Shelby American recently unveiled the “Cammer Cobra” concept, a 427 SOHC V8-powered continuation Shelby Cobra Daytona Coupe, at the Carlisle Ford Nationals presented by Meguiar’s in Carlisle, Pennsylvania.
According to the company, the “Cammer Cobra” follows Carroll Shelby’s initial vision for a racecar to compete in the 24 Hours of Le Mans.
“Carroll Shelby wanted to fit a massive Ford big block engine into a Shelby Cobra Daytona Coupe for Le Mans in 1964,” said Gary Patterson, president of Shelby American. “While many know that a one-off car was built with a 427 ‘wedge’ Ford engine, that was not Carroll Shelby’s initial vision. He hoped to pair the sleek aerodynamics of the Peter Brock designed body with the incredibly powerful aluminum single overhead cam version of the FE motor. Since it was impossible to obtain one of those rare engines in time for the race, Shelby American installed the NASCAR version. Our concept car was built to realize Carroll’s initial Cammer vision.”
Built by Legendary GT of Pennsylvania, a builder of continuation Shelby Cobra Daytona Coupes for Shelby American, the Cammer Cobra has an aluminum body over a 3-inch lengthened chassis with a hood modified to accommodate the aluminum 427 SOHC big block motor. The 650-horsepower engine is mated to a period-correct 4-speed manual transmission and the car was assigned Shelby serial number CSX2623 and will be documented in the official Shelby Registry.
Often called “Ford’s greatest engine”, the Single Overhead Cam (SOHC) V8, was based on Ford’s 427ci side-oiler block. The engine was intended to be Ford’s two-valve, single-overhead-cam, high-rpm answer to Chrysler’s 426 Hemi for NASCAR in 1964.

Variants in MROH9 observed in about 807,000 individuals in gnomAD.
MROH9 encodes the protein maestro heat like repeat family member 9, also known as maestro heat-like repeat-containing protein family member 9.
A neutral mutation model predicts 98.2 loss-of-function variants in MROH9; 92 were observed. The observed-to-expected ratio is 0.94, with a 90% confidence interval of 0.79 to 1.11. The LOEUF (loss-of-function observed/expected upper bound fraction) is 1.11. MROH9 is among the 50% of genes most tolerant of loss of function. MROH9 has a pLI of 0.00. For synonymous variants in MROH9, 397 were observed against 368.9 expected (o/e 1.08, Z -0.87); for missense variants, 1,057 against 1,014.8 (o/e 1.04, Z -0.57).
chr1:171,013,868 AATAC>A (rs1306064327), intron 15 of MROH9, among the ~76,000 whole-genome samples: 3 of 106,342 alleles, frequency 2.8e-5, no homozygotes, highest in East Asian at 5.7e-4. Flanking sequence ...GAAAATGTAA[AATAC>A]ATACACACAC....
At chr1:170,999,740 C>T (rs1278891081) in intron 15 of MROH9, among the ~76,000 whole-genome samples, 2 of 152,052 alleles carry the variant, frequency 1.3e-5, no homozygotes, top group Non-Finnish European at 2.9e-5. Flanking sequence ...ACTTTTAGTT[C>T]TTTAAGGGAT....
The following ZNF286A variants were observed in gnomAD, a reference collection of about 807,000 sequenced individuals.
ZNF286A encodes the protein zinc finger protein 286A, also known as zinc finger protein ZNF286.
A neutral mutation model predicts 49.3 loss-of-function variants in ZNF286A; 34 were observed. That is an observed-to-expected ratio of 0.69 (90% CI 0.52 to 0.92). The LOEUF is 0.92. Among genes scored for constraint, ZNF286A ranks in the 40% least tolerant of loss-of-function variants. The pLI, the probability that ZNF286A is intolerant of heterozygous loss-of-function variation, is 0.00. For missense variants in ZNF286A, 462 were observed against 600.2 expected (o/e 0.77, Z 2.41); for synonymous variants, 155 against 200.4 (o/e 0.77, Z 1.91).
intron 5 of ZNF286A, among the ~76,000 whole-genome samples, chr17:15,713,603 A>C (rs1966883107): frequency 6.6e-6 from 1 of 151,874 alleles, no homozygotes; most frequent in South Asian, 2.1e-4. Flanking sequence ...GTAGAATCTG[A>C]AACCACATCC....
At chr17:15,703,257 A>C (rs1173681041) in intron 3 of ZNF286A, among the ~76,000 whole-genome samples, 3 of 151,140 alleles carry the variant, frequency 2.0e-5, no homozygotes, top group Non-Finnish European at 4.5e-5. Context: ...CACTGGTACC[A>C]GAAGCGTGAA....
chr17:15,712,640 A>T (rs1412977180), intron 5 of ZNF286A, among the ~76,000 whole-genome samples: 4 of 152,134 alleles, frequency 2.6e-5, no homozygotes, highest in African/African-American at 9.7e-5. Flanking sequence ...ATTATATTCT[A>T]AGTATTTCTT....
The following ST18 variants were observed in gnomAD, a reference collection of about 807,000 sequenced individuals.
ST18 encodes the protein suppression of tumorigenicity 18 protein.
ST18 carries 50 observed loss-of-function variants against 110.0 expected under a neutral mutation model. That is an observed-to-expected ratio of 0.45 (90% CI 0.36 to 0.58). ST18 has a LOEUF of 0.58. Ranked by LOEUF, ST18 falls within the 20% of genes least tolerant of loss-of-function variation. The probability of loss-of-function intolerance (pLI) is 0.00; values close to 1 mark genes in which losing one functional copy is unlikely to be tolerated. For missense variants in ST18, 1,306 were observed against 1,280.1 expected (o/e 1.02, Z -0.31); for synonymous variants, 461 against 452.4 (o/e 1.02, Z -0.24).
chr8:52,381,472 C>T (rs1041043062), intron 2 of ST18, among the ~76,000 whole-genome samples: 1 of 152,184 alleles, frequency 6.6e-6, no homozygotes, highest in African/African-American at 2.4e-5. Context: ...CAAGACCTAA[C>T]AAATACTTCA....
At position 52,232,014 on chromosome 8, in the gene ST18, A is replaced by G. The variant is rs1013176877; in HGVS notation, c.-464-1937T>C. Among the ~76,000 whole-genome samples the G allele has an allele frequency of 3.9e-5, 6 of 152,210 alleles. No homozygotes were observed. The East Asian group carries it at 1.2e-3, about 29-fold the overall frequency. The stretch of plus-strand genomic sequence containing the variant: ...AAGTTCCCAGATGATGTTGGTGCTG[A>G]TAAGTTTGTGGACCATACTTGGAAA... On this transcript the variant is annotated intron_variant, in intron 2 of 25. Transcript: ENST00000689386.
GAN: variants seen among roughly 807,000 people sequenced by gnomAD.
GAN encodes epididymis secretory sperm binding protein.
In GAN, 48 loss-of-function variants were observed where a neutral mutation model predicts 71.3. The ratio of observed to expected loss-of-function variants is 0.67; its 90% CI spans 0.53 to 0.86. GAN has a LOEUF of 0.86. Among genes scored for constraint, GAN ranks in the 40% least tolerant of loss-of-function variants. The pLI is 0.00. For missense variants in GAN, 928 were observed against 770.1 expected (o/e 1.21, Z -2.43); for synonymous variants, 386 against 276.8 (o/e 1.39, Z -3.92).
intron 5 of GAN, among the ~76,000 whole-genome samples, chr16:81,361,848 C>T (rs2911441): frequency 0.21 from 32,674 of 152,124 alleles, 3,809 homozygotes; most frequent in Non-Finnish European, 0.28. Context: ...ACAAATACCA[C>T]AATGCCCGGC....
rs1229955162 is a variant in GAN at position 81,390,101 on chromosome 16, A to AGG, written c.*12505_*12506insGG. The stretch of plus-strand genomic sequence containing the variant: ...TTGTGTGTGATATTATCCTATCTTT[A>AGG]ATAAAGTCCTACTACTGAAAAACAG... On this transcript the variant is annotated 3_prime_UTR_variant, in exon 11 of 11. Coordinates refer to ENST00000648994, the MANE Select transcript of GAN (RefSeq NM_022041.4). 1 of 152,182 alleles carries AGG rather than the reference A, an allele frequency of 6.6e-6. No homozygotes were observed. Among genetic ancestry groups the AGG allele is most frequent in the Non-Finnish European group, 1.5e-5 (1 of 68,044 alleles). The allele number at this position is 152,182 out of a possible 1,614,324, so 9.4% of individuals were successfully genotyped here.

“It is essentially a single-overhead-cam conversion of Ford’s 427 V8,” said Vince LaViolette, Shelby American vice president of operations. “The heads were predominantly cast-iron, though later aluminum ones were available, with a roller chain cam-drive. The block had revised oiling and cross-bolted main bearing caps were added to handle the increased rpm. The Ford 427 Cammer churned out 616 horsepower with a single four-barrel carburetor and 657 horsepower with dual four-barrel set up. It was one of the most powerful engines to come out of Detroit during the period.”
In 1964, Carroll Shelby tasked fabricator John Ohlsen with lengthening the chassis of one of the six Daytona Coupes (CSX2286). Shelby planned to replace the 289 c.i.d. Ford engine with the SOHC motor for the 1964 24 Hours of Le Mans. However, it was impossible to secure the SOHC motor in time and a reliable, high-performance NASCAR 427 was used instead. Weighing about 2,200 pounds with world class aerodynamics and the power of a big block, the car had tremendous performance potential; it was thought capable of going 200-plus miles per hour at Le Mans, according to Shelby American. However, the car did not make the race and never ran a lap with the 427 SOHC when Shelby American returned it to small block configuration.
The continuation big block Shelby Daytona Coupe follows the same specs as the Ohlsen modified racecar.